Posts Tagged ‘United States Congress’

APS Address on The Psychological Science Behind Hyperpartisanship and What to Do About It

June 16, 2013

This is the Association for Psychological Science (APS) James McKeen Cattell Fellow Award address presented by Diane E. Halpern. Much of Halpern’s research has been on critical thinking. In this address she chose the term hyperpartisanship to describe the condition underlying the current gridlock in the U.S. Congress. She said that it was similar to apartheid in the old South African regime. There blacks were segregated from whites and had their own restrooms and other facilities. This situation also existed in the southern states in the United States before the passage of Civil Rights legislation. In today’s congress, the two parties do not mix. They have their own rooms and there is little grounds for informal interactions among the two parties. This is a relatively new phenomenon that is concurrent with gridlock.

Diane recommended eight specific actions that can be done to remedy the problem of hypertisanship. Understand that these proposals are not just for the politicians. They are also for us citizens, and for the press.

Step 1. Make friends, or at least acquaintances, with people of the opposite political persuasion.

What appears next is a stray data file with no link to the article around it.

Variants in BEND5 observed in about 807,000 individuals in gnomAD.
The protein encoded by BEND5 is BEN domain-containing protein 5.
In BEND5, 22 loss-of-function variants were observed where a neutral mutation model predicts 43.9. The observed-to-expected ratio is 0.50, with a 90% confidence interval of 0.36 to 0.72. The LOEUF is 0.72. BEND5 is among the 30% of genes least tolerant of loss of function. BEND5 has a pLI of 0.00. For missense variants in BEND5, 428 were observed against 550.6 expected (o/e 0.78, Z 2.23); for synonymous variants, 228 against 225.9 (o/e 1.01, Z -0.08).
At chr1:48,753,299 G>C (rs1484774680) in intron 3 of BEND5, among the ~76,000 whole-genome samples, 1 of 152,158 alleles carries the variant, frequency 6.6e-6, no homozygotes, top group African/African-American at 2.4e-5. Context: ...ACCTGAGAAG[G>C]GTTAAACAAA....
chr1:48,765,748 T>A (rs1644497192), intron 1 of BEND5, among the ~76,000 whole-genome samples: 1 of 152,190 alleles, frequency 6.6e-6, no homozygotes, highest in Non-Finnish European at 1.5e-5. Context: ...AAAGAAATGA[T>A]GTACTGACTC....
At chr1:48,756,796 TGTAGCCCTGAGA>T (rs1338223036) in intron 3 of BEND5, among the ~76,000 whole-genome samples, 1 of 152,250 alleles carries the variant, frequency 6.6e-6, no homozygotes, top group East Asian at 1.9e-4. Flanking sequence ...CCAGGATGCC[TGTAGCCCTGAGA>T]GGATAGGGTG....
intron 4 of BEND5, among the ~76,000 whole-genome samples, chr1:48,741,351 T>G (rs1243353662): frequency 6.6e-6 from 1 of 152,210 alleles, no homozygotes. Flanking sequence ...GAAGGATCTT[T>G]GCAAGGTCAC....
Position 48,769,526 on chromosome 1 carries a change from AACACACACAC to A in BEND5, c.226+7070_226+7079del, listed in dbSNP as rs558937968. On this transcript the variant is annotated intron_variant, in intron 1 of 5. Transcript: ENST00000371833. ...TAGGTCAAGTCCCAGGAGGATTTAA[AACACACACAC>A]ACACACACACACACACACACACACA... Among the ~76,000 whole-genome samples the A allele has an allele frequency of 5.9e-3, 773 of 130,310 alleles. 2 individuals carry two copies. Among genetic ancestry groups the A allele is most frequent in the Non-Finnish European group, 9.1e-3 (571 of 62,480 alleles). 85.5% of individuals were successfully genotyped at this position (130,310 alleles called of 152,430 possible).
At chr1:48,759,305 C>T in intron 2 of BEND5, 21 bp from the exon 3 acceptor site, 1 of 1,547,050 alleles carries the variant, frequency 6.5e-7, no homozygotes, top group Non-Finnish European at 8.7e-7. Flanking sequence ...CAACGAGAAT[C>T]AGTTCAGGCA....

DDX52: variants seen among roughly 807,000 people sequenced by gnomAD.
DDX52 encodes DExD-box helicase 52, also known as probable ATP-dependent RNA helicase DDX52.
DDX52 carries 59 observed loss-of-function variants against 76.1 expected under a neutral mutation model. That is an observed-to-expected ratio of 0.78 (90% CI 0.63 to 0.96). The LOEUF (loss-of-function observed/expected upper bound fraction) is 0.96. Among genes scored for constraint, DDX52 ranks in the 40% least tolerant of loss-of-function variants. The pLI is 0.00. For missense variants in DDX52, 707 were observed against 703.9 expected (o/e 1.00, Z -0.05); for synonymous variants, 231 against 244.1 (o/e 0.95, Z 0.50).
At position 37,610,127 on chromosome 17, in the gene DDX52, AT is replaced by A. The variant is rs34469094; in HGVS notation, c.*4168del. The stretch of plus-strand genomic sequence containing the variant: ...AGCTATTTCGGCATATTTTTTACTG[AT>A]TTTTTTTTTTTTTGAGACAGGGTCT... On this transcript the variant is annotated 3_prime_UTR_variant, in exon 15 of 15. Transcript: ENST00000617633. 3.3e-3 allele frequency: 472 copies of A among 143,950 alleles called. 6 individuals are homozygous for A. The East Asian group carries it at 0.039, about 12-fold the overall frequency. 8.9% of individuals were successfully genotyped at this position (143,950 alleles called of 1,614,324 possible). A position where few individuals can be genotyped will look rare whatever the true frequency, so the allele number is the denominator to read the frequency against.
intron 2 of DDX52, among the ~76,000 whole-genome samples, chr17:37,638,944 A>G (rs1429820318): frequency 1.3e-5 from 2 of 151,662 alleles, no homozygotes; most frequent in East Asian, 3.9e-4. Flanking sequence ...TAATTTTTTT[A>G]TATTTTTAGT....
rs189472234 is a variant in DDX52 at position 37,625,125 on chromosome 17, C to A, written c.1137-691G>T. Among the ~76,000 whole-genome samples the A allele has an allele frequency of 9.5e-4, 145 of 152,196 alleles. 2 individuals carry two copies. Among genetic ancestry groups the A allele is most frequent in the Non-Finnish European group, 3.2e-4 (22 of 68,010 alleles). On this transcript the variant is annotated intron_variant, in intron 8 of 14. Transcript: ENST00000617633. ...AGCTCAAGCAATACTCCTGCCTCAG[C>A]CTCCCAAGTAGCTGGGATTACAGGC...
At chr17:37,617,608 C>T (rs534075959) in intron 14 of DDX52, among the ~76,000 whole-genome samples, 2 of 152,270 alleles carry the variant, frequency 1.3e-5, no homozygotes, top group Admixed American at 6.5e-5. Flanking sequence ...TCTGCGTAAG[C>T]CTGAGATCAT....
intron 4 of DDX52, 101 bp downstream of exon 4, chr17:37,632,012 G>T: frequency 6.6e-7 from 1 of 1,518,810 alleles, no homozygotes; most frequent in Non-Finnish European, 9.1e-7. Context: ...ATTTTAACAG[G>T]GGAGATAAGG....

Try to understand why they think as they do, and try, regardless of how fruitless it might be, to acquaint them with your modes of thought.

Step 2. Stay informed. Extend the effort to keep up to date and to understand the positions of others. So don’t restrict yourself just to sources that reinforce your own opinions.

Step 3. Keep a cooperation scorecard. Scorecards are kept for fidelity to conservative positions, and to liberal positions. I know of no scorecard on politicians who make an effort to compromise. Should any reader be aware of such a scorecard, please inform us by leaving a comment. It would be extremely beneficial if the news media kept such scorecards and presented them along with the news. Were this done, I imagine that the gridlock would quickly crumble.